Parrot, Henry (DNB00)
|←Parris, George van||Dictionary of National Biography, 1885-1900, Volume 43
PARROT or PERROT, HENRY (fl. 1600–1626), epigrammatist, author of ‘Springes for Woodcocks,’ published six little volumes of profligate epigrams and satires during the first quarter of the seventeenth century. Some lines in one of his satires have been regarded as an indication that he was at one time a player at the Fortune Theatre. He wrote mainly for the delectation of choice spirits among the templars, and there seems little doubt that he was himself a member of one of the inns of court. The fact that the phrase ‘springes for woodcocks’ occurs twice in Hamlet, combined with the fact that another of Parrot's works is entitled ‘The Mous-trap’ (the name of the play which Hamlet presented to entrap the king), suggests that the epigrammatist sought to make capital out of the current popularity of Shakespeare's play. His verses contain allusions to Tom Coryate, Bankes's horse, and many other topics of contemporary interest. His epigrams (which have not been reprinted) contain probably more spirit than those of such rivals as Heywood, Bastard, and William Goddard, though infinitely less humour than the satirical writings of Dekker or Nicholas Breton.
The following are Parrot's works: 1. ‘The Mous-Trap. Uni, si possim, posse placare sat est. Printed at London for F[rancis] B[urton], dwelling at the Flower de Luce and Crowne in Pauls Churchyard,’ 1606, 4to. A very rare little volume of epigrams, purchased for 9l. at the Nassau sale in 1820 for the British Museum (Catalogue under P., H.; Arber, Transcript of the Stationers' Reg. iii. 144). 2. ‘Epigrams by H. P. Mortui non mordent. Imprinted at London by R. B., and are to be soulde by John Helme at his shop in St. Dunstan's Churchyard,’ 1608, 4to (Bodleian and Brit. Mus.). The Stationers' Company Register gives this book the alternative title of ‘Humors Lottrye.’ 3. ‘Laquei Ridiculosi, or Springes to catch Woodcocks. Caveat Emptor. London, printed for John Busby, and are to be sould at his shop in St. Dunstans Churchyarde in Fleet Street,’ 1613, 8vo (Brit. Mus., Bodleian, Britwell). The volume contains 216 epigrams, mostly licentious. On the title-page a cut represents two woodcocks caught in snares and another flying away with the motto ‘Possis abire tutus.’ The writer says the epigrams were written some two years before, and printed without his privity. The work seems to have been well known; John Taylor, the water-poet, purposes in his ‘epigram’ (No. vii.) to ‘catch a parrot in the woodcocke's springe.’ 4. ‘The Mastive, or Young-Whelpe of the Old-Dogge. Epigrams and Satyrs. Horat. verba decent iratum plena minarum. London, printed by Tho. Creede for Richard Meighen and Thomas Jones, and are to be solde at S. Clements Church, without Temple,’ 1615, 4to (ib. iii. 262, s. a. 1615, July. There are copies in the British Museum, at Britwell, and in the Huth Library; that in the Huth Library is alone quite complete; the others lack the date, which has consequently been wrongly given). There is a large cut of a mastiff upon the title-page, which seems to have been modelled upon that of the ‘Mastif-Whelp’ of William Goddard [q. v.] The epigrams, which are often smart and generally coarse, are surmounted by clever Latin mottoes, and are followed by three satires and a paradox upon war. ‘The faults escaped in the printing or any other omission,’ says a note at the conclusion, ‘are to be excused by reason of the author's absence from the press, who thereto should have given more due instructiōs.’ ‘Certain scurrilities,’ the note admits, ‘should have bene left out.’ Hunter conjectured that this collection might have been the work of Henry Peacham (d. 1640) [q. v.], but the internal evidence is convincingly in favour of Parrot's authorship. 5. ‘Cures for the Itch. Characters, Epigrams, Epitaphs, by H. P. Scalpat qui tangitur. London, printed for Thomas Iones at the signe of the Blacke Raven in the Strand,’ 1626 (Bodleian Libr.) The epitaphs and epigrams, according to the preface, were written in 1624 during the long vacation, and the characters, which ‘were not so fully perfected as was meant, were composed of later times.’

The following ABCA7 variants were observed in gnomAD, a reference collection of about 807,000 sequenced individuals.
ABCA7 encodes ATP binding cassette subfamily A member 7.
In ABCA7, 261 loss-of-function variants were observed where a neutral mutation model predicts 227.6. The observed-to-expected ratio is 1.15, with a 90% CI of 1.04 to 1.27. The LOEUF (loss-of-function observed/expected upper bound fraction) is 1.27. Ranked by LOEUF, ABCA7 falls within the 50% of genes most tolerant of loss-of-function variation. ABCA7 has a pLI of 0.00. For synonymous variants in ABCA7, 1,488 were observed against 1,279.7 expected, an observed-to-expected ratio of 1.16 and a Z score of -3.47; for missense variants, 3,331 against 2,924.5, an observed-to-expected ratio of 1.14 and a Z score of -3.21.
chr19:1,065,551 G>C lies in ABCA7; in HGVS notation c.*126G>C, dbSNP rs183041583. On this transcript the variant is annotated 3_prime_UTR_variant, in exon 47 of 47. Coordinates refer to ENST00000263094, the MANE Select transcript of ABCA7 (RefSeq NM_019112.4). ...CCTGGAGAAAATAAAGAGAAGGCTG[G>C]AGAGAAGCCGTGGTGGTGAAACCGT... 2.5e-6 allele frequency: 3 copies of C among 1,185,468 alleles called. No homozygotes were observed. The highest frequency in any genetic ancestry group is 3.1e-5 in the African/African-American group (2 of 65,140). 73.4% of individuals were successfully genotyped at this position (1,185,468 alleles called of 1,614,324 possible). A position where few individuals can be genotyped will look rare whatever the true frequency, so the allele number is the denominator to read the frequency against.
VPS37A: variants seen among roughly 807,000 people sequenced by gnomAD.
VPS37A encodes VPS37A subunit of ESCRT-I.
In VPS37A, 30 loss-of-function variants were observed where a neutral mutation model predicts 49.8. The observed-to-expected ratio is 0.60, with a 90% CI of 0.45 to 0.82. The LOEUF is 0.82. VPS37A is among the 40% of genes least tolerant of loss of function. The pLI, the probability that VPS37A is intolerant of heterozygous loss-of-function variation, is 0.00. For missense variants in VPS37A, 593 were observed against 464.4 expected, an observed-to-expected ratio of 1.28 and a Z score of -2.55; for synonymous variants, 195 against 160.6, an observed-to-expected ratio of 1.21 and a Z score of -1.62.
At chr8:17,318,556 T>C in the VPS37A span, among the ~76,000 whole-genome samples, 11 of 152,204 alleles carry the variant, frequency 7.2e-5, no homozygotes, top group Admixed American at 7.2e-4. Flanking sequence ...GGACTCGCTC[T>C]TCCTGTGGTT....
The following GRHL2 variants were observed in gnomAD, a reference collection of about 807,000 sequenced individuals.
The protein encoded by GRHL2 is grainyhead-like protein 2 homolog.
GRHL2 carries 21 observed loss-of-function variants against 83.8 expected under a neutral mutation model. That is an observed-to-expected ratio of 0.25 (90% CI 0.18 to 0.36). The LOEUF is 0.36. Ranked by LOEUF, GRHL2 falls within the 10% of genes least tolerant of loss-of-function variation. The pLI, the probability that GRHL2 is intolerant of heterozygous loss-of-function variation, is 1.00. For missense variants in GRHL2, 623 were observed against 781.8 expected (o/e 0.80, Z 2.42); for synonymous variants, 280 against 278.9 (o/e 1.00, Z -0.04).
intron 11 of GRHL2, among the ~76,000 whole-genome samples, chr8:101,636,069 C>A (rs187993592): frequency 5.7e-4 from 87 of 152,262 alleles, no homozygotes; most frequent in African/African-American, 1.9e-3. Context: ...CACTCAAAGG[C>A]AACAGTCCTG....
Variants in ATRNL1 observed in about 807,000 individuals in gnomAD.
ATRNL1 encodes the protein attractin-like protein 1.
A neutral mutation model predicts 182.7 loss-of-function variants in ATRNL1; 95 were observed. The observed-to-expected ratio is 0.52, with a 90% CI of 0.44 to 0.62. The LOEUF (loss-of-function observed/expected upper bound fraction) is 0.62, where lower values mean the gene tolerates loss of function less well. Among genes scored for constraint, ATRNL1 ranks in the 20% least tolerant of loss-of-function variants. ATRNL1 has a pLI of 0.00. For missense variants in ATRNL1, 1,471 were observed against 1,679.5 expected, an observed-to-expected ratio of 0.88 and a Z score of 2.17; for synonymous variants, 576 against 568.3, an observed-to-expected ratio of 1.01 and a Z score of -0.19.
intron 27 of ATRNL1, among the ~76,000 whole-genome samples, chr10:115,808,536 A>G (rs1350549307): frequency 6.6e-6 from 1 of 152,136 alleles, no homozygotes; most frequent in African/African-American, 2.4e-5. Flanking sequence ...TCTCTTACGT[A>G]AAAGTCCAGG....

Attributed to Parrot's initials in the ‘Stationers' Register’ is also ‘Gossips Greeting,’ 1620, 4to; a copy, which belonged to Heber, has not been traced to any public collection.[Addit. MS. 24489, f. 253 (Hunter's Chorus Vatum); Brydges's Censura Literaria, ii. 232, and Restituta, ii. 416; Hazlitt's Handbook, p. 145, and Collections and Notes, 1567–1876, p. 321; Collier's Bibliographical Cat. ii. 112–14; Huth Libr. Cat. iv. 1098; Warton's Hist. of English Poetry, ed. Hazlitt, iv. 416; Beloe's Anecdotes of Literature, vi. 115; Earle's Microcosmographie, ed. Bliss, p. 276; Lowndes's Bibliogr. Manual; Bibl. Heberiana; Notes and Queries, 1st ser. i. 413.]